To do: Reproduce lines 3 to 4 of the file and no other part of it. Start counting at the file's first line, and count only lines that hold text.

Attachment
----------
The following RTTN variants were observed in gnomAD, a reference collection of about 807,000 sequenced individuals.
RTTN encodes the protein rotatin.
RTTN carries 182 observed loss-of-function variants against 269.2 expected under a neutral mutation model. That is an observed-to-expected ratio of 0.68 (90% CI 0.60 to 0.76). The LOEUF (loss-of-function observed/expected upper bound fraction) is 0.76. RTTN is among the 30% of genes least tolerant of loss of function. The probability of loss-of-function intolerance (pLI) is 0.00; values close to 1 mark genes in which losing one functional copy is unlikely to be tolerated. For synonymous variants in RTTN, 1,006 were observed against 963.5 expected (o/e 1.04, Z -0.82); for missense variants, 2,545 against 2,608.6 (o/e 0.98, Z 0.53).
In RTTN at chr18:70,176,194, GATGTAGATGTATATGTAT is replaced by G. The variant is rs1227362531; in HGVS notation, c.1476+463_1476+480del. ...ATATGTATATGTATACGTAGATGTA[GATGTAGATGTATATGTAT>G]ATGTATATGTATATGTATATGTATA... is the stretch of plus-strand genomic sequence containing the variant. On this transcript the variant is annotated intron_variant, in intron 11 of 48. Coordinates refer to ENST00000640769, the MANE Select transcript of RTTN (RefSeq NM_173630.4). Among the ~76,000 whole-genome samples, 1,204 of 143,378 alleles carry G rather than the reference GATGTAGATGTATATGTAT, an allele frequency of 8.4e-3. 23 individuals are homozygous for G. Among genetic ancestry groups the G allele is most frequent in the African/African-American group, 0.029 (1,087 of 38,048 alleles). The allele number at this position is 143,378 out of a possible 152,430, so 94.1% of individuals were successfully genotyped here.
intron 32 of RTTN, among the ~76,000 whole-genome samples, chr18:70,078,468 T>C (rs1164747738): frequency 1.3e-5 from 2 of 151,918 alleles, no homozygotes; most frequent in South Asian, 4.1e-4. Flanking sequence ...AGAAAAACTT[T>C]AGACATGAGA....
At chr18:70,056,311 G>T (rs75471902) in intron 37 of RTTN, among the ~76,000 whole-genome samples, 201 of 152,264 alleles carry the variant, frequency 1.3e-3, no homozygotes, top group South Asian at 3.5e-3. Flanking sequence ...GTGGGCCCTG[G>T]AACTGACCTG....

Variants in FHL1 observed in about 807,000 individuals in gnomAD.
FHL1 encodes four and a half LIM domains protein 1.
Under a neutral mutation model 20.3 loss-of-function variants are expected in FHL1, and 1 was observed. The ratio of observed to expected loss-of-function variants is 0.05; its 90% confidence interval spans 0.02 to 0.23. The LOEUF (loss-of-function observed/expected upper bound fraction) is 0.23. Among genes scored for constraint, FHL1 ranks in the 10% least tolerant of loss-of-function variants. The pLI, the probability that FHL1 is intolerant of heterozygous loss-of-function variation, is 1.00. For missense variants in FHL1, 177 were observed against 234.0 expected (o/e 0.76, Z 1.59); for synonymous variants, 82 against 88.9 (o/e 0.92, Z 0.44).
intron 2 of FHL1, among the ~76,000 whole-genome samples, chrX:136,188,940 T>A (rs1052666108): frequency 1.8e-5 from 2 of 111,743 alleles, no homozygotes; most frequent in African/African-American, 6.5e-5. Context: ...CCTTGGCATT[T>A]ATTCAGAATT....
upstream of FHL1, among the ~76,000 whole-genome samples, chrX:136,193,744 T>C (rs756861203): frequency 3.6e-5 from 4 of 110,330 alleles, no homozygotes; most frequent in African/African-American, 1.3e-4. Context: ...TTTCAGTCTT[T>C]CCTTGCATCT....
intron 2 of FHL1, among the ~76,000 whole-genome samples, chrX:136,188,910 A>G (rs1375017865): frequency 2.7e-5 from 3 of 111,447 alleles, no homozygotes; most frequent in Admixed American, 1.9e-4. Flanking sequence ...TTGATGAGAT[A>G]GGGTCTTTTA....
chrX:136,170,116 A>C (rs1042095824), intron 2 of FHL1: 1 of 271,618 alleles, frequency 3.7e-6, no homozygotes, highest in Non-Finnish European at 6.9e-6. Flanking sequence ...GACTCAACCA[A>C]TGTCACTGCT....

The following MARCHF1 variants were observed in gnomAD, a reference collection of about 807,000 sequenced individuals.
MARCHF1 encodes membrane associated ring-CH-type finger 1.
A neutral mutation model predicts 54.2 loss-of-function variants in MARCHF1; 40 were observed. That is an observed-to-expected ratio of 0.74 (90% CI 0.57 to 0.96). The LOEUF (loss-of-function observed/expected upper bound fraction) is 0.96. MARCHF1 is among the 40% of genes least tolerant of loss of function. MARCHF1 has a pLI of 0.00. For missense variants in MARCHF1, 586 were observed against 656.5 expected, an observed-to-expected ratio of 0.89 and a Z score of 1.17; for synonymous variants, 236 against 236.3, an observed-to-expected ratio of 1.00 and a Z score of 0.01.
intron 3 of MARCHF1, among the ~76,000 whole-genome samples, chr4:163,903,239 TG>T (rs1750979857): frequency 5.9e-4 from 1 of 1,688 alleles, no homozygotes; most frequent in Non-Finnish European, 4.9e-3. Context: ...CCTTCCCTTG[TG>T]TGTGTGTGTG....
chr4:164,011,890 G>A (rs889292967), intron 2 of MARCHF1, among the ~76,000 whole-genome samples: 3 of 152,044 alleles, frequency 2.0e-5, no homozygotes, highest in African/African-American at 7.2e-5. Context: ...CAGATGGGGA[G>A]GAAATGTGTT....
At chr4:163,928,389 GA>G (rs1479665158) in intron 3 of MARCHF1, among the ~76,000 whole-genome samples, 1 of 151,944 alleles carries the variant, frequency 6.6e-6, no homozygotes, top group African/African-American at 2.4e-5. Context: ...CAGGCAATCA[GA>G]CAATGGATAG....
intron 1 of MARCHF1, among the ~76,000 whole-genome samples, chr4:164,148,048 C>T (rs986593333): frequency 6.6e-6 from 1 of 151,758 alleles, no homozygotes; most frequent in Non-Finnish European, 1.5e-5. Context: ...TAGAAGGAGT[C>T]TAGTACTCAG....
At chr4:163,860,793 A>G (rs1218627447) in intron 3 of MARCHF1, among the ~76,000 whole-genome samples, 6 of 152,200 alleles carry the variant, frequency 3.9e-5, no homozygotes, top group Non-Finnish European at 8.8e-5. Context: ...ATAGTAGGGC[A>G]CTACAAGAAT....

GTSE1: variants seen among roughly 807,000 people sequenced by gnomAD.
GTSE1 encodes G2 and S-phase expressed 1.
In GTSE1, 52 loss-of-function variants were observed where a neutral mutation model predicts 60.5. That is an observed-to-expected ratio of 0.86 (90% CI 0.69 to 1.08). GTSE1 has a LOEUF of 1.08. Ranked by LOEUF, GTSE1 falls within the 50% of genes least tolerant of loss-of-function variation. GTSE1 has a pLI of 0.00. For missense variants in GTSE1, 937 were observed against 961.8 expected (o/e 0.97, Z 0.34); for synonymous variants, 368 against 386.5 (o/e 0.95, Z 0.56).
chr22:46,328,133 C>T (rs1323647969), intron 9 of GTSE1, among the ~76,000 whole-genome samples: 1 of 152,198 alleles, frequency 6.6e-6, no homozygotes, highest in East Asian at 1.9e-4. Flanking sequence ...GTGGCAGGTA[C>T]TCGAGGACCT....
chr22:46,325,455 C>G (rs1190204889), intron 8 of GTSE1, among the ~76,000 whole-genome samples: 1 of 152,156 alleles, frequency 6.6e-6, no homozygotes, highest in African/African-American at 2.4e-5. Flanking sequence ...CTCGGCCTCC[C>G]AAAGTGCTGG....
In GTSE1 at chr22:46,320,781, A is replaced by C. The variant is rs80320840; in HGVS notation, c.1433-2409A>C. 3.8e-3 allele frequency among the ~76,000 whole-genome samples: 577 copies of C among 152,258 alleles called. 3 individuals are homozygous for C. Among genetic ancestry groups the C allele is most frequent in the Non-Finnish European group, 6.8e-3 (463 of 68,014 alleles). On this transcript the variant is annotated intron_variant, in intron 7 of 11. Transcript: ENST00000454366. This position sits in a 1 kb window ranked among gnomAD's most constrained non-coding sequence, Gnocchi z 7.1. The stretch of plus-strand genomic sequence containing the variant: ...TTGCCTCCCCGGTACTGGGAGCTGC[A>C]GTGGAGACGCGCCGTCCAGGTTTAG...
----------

RTTN carries 182 observed loss-of-function variants against 269.2 expected under a neutral mutation model. That is an observed-to-expected ratio of 0.68 (90% CI 0.60 to 0.76). The LOEUF (loss-of-function observed/expected upper bound fraction) is 0.76. RTTN is among the 30% of genes least tolerant of loss of function. The probability of loss-of-function intolerance (pLI) is 0.00; values close to 1 mark genes in which losing one functional copy is unlikely to be tolerated. For synonymous variants in RTTN, 1,006 were observed against 963.5 expected (o/e 1.04, Z -0.82); for missense variants, 2,545 against 2,608.6 (o/e 0.98, Z 0.53).
In RTTN at chr18:70,176,194, GATGTAGATGTATATGTAT is replaced by G. The variant is rs1227362531; in HGVS notation, c.1476+463_1476+480del. ...ATATGTATATGTATACGTAGATGTA[GATGTAGATGTATATGTAT>G]ATGTATATGTATATGTATATGTATA... is the stretch of plus-strand genomic sequence containing the variant. On this transcript the variant is annotated intron_variant, in intron 11 of 48. Coordinates refer to ENST00000640769, the MANE Select transcript of RTTN (RefSeq NM_173630.4). Among the ~76,000 whole-genome samples, 1,204 of 143,378 alleles carry G rather than the reference GATGTAGATGTATATGTAT, an allele frequency of 8.4e-3. 23 individuals are homozygous for G. Among genetic ancestry groups the G allele is most frequent in the African/African-American group, 0.029 (1,087 of 38,048 alleles). The allele number at this position is 143,378 out of a possible 152,430, so 94.1% of individuals were successfully genotyped here.